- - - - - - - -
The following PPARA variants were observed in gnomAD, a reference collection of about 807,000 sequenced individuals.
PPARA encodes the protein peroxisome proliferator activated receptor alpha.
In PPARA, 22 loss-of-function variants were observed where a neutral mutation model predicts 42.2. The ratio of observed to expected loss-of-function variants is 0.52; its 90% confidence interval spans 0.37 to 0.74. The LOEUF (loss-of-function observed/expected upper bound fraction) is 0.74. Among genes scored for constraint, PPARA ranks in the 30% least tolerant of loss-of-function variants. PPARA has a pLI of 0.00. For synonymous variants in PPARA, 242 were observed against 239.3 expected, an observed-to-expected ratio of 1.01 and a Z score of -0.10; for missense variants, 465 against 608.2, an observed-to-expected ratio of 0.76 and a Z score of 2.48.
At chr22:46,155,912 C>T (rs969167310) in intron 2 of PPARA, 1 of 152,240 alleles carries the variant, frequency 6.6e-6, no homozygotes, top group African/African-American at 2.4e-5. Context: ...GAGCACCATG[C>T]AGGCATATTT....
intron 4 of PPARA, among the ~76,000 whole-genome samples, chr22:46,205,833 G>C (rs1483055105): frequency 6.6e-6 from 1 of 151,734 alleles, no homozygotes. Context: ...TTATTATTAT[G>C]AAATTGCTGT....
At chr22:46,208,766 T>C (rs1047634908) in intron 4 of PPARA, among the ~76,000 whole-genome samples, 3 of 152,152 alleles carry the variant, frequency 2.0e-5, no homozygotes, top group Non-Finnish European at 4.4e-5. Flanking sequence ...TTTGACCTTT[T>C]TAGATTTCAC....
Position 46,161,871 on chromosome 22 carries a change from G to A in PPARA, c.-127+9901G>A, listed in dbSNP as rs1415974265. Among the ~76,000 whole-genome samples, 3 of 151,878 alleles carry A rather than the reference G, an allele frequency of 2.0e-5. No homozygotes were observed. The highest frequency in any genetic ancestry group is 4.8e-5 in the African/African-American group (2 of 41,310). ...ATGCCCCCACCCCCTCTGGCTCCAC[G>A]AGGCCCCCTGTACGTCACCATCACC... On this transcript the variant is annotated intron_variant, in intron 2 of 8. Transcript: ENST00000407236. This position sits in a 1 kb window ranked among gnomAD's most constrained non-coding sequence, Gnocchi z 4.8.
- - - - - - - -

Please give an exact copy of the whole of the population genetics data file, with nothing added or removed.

The following PPARA variants were observed in gnomAD, a reference collection of about 807,000 sequenced individuals.
PPARA encodes the protein peroxisome proliferator activated receptor alpha.
In PPARA, 22 loss-of-function variants were observed where a neutral mutation model predicts 42.2. The ratio of observed to expected loss-of-function variants is 0.52; its 90% confidence interval spans 0.37 to 0.74. The LOEUF (loss-of-function observed/expected upper bound fraction) is 0.74. Among genes scored for constraint, PPARA ranks in the 30% least tolerant of loss-of-function variants. PPARA has a pLI of 0.00. For synonymous variants in PPARA, 242 were observed against 239.3 expected, an observed-to-expected ratio of 1.01 and a Z score of -0.10; for missense variants, 465 against 608.2, an observed-to-expected ratio of 0.76 and a Z score of 2.48.
At chr22:46,155,912 C>T (rs969167310) in intron 2 of PPARA, 1 of 152,240 alleles carries the variant, frequency 6.6e-6, no homozygotes, top group African/African-American at 2.4e-5. Context: ...GAGCACCATG[C>T]AGGCATATTT....
intron 4 of PPARA, among the ~76,000 whole-genome samples, chr22:46,205,833 G>C (rs1483055105): frequency 6.6e-6 from 1 of 151,734 alleles, no homozygotes. Context: ...TTATTATTAT[G>C]AAATTGCTGT....
At chr22:46,208,766 T>C (rs1047634908) in intron 4 of PPARA, among the ~76,000 whole-genome samples, 3 of 152,152 alleles carry the variant, frequency 2.0e-5, no homozygotes, top group Non-Finnish European at 4.4e-5. Flanking sequence ...TTTGACCTTT[T>C]TAGATTTCAC....
Position 46,161,871 on chromosome 22 carries a change from G to A in PPARA, c.-127+9901G>A, listed in dbSNP as rs1415974265. Among the ~76,000 whole-genome samples, 3 of 151,878 alleles carry A rather than the reference G, an allele frequency of 2.0e-5. No homozygotes were observed. The highest frequency in any genetic ancestry group is 4.8e-5 in the African/African-American group (2 of 41,310). ...ATGCCCCCACCCCCTCTGGCTCCAC[G>A]AGGCCCCCTGTACGTCACCATCACC... On this transcript the variant is annotated intron_variant, in intron 2 of 8. Transcript: ENST00000407236. This position sits in a 1 kb window ranked among gnomAD's most constrained non-coding sequence, Gnocchi z 4.8.